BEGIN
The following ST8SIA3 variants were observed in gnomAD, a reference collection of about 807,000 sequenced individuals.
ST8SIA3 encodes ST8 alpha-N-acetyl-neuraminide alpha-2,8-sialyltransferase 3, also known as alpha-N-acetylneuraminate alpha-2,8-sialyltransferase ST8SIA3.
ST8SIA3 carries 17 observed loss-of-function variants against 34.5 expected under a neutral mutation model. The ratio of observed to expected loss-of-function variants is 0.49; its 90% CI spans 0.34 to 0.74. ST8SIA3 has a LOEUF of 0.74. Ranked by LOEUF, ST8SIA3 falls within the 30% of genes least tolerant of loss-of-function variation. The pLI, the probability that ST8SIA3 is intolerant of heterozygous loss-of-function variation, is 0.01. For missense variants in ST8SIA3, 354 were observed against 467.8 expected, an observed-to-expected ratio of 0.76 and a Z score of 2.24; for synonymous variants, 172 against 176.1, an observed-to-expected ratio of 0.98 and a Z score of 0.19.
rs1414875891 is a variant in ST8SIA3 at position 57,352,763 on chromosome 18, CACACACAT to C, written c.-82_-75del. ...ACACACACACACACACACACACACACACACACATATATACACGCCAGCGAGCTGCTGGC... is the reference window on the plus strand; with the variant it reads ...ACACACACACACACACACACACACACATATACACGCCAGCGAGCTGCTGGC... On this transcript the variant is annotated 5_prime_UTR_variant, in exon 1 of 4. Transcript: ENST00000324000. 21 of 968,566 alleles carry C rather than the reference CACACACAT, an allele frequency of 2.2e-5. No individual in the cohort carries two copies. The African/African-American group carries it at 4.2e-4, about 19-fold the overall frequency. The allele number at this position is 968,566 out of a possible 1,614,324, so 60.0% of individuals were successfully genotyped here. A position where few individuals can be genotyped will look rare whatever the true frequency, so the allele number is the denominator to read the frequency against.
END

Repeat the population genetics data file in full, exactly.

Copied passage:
The following ST8SIA3 variants were observed in gnomAD, a reference collection of about 807,000 sequenced individuals.
ST8SIA3 encodes ST8 alpha-N-acetyl-neuraminide alpha-2,8-sialyltransferase 3, also known as alpha-N-acetylneuraminate alpha-2,8-sialyltransferase ST8SIA3.
ST8SIA3 carries 17 observed loss-of-function variants against 34.5 expected under a neutral mutation model. The ratio of observed to expected loss-of-function variants is 0.49; its 90% CI spans 0.34 to 0.74. ST8SIA3 has a LOEUF of 0.74. Ranked by LOEUF, ST8SIA3 falls within the 30% of genes least tolerant of loss-of-function variation. The pLI, the probability that ST8SIA3 is intolerant of heterozygous loss-of-function variation, is 0.01. For missense variants in ST8SIA3, 354 were observed against 467.8 expected, an observed-to-expected ratio of 0.76 and a Z score of 2.24; for synonymous variants, 172 against 176.1, an observed-to-expected ratio of 0.98 and a Z score of 0.19.
rs1414875891 is a variant in ST8SIA3 at position 57,352,763 on chromosome 18, CACACACAT to C, written c.-82_-75del. ...ACACACACACACACACACACACACACACACACATATATACACGCCAGCGAGCTGCTGGC... is the reference window on the plus strand; with the variant it reads ...ACACACACACACACACACACACACACATATACACGCCAGCGAGCTGCTGGC... On this transcript the variant is annotated 5_prime_UTR_variant, in exon 1 of 4. Transcript: ENST00000324000. 21 of 968,566 alleles carry C rather than the reference CACACACAT, an allele frequency of 2.2e-5. No individual in the cohort carries two copies. The African/African-American group carries it at 4.2e-4, about 19-fold the overall frequency. The allele number at this position is 968,566 out of a possible 1,614,324, so 60.0% of individuals were successfully genotyped here. A position where few individuals can be genotyped will look rare whatever the true frequency, so the allele number is the denominator to read the frequency against.